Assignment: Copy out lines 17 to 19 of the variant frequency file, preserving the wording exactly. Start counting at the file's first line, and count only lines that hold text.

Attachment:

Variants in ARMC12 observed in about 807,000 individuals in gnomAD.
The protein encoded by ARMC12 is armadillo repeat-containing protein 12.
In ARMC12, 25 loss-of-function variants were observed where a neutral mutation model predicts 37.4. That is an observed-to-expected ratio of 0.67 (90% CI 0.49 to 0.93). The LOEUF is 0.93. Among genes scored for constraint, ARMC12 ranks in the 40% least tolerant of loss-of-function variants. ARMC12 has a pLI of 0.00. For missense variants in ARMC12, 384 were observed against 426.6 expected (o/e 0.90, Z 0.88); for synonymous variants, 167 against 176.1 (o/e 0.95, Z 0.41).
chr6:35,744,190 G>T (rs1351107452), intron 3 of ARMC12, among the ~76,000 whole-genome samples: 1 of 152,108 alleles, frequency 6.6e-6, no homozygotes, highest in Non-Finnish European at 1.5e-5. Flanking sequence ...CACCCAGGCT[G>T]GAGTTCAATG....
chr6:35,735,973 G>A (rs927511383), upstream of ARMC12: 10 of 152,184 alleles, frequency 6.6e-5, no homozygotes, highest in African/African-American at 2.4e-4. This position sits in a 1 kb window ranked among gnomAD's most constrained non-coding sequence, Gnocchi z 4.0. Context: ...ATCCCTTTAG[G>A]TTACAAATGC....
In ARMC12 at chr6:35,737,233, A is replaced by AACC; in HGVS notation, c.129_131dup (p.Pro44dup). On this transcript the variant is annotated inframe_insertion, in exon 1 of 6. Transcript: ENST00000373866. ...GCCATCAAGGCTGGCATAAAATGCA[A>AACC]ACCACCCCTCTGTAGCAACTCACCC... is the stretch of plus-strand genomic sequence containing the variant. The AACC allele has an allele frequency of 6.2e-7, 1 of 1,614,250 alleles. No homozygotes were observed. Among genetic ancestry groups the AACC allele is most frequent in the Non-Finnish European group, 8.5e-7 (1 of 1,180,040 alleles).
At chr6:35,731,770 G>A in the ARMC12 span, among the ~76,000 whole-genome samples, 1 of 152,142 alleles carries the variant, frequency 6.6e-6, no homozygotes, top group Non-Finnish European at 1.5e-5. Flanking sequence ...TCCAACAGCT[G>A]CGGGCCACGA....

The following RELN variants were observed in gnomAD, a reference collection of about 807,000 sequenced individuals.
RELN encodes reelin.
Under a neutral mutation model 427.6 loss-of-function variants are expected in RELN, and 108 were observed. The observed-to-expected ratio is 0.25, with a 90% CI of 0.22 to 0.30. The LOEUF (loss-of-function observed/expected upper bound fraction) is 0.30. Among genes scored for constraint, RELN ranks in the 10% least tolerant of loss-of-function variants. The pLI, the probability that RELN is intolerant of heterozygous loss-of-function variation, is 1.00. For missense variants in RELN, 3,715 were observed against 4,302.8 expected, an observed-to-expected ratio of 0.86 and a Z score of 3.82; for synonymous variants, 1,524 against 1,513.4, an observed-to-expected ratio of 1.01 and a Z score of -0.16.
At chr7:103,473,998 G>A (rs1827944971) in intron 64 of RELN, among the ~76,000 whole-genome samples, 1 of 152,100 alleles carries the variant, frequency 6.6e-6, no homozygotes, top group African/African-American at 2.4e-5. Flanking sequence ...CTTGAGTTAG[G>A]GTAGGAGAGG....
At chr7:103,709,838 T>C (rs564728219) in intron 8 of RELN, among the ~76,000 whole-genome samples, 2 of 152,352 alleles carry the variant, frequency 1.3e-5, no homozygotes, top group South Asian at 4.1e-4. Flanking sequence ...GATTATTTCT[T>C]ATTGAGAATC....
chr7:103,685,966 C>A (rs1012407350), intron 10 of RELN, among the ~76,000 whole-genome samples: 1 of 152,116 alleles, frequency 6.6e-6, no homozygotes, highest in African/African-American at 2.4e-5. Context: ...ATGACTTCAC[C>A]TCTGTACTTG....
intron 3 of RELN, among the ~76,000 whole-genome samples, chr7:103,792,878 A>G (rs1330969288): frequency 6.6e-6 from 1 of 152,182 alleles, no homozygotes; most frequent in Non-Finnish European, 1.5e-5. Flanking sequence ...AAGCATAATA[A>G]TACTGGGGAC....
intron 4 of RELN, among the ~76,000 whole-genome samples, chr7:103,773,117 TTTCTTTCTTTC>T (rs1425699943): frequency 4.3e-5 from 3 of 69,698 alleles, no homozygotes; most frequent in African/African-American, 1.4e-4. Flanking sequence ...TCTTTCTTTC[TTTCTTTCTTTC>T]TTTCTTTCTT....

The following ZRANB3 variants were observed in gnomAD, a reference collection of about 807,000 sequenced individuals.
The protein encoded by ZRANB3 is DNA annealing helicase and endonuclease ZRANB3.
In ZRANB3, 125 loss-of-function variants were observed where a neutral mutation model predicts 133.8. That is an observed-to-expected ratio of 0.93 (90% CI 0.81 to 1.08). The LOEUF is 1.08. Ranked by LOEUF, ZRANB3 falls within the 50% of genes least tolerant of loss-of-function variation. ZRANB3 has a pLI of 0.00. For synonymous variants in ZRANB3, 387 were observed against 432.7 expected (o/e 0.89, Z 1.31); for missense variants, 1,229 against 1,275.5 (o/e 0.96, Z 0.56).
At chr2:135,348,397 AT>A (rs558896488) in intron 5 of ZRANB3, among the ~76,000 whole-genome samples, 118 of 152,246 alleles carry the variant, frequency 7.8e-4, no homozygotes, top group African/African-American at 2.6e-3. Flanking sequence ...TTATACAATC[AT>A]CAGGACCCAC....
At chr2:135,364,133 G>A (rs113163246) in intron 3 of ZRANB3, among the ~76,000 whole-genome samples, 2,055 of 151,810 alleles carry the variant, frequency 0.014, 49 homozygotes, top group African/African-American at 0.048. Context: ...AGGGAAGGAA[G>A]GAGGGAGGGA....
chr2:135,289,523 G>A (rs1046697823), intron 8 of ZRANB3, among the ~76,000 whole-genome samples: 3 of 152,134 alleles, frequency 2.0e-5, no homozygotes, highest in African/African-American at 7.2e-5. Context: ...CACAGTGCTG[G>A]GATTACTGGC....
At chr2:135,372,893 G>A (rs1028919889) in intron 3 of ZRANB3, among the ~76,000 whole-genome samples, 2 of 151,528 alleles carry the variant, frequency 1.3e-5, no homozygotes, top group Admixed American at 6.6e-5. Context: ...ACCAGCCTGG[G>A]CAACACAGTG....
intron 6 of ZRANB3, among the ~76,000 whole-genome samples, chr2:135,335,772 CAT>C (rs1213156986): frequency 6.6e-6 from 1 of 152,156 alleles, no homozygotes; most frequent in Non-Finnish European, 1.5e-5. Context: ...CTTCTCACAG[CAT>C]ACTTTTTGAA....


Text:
The protein encoded by ZRANB3 is DNA annealing helicase and endonuclease ZRANB3.
In ZRANB3, 125 loss-of-function variants were observed where a neutral mutation model predicts 133.8. That is an observed-to-expected ratio of 0.93 (90% CI 0.81 to 1.08). The LOEUF is 1.08. Ranked by LOEUF, ZRANB3 falls within the 50% of genes least tolerant of loss-of-function variation. ZRANB3 has a pLI of 0.00. For synonymous variants in ZRANB3, 387 were observed against 432.7 expected (o/e 0.89, Z 1.31); for missense variants, 1,229 against 1,275.5 (o/e 0.96, Z 0.56).
At chr2:135,348,397 AT>A (rs558896488) in intron 5 of ZRANB3, among the ~76,000 whole-genome samples, 118 of 152,246 alleles carry the variant, frequency 7.8e-4, no homozygotes, top group African/African-American at 2.6e-3. Flanking sequence ...TTATACAATC[AT>A]CAGGACCCAC....